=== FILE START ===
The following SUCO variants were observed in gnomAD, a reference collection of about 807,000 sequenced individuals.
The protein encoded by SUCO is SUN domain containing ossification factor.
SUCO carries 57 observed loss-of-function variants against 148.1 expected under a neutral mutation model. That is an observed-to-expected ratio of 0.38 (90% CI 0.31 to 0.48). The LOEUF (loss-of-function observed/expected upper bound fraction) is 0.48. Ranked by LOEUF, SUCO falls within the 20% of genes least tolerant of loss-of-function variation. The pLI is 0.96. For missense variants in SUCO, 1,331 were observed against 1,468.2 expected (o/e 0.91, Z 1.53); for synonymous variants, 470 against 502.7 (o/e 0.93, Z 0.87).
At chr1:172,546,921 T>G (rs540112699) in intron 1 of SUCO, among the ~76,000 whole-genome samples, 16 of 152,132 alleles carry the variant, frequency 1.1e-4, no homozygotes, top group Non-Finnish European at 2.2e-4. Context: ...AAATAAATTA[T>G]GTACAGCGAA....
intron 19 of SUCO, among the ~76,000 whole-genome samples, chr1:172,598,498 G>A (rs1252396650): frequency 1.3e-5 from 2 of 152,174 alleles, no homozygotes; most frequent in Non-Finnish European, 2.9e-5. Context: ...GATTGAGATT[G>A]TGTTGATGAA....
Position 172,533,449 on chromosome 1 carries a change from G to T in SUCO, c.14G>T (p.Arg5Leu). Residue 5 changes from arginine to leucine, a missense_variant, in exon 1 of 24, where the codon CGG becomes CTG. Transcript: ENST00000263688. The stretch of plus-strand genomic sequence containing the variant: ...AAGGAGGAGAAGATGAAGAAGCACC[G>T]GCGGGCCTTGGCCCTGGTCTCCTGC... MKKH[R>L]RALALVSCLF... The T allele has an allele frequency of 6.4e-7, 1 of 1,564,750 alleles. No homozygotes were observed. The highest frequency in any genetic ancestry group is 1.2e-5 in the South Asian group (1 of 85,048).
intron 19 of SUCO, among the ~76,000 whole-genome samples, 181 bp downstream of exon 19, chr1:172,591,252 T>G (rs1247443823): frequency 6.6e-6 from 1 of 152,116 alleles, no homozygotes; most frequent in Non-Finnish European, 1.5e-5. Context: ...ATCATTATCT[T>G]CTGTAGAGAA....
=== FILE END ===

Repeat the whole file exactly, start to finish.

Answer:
The following SUCO variants were observed in gnomAD, a reference collection of about 807,000 sequenced individuals.
The protein encoded by SUCO is SUN domain containing ossification factor.
SUCO carries 57 observed loss-of-function variants against 148.1 expected under a neutral mutation model. That is an observed-to-expected ratio of 0.38 (90% CI 0.31 to 0.48). The LOEUF (loss-of-function observed/expected upper bound fraction) is 0.48. Ranked by LOEUF, SUCO falls within the 20% of genes least tolerant of loss-of-function variation. The pLI is 0.96. For missense variants in SUCO, 1,331 were observed against 1,468.2 expected (o/e 0.91, Z 1.53); for synonymous variants, 470 against 502.7 (o/e 0.93, Z 0.87).
At chr1:172,546,921 T>G (rs540112699) in intron 1 of SUCO, among the ~76,000 whole-genome samples, 16 of 152,132 alleles carry the variant, frequency 1.1e-4, no homozygotes, top group Non-Finnish European at 2.2e-4. Context: ...AAATAAATTA[T>G]GTACAGCGAA....
intron 19 of SUCO, among the ~76,000 whole-genome samples, chr1:172,598,498 G>A (rs1252396650): frequency 1.3e-5 from 2 of 152,174 alleles, no homozygotes; most frequent in Non-Finnish European, 2.9e-5. Context: ...GATTGAGATT[G>A]TGTTGATGAA....
Position 172,533,449 on chromosome 1 carries a change from G to T in SUCO, c.14G>T (p.Arg5Leu). Residue 5 changes from arginine to leucine, a missense_variant, in exon 1 of 24, where the codon CGG becomes CTG. Transcript: ENST00000263688. The stretch of plus-strand genomic sequence containing the variant: ...AAGGAGGAGAAGATGAAGAAGCACC[G>T]GCGGGCCTTGGCCCTGGTCTCCTGC... MKKH[R>L]RALALVSCLF... The T allele has an allele frequency of 6.4e-7, 1 of 1,564,750 alleles. No homozygotes were observed. The highest frequency in any genetic ancestry group is 1.2e-5 in the South Asian group (1 of 85,048).
intron 19 of SUCO, among the ~76,000 whole-genome samples, 181 bp downstream of exon 19, chr1:172,591,252 T>G (rs1247443823): frequency 6.6e-6 from 1 of 152,116 alleles, no homozygotes; most frequent in Non-Finnish European, 1.5e-5. Context: ...ATCATTATCT[T>G]CTGTAGAGAA....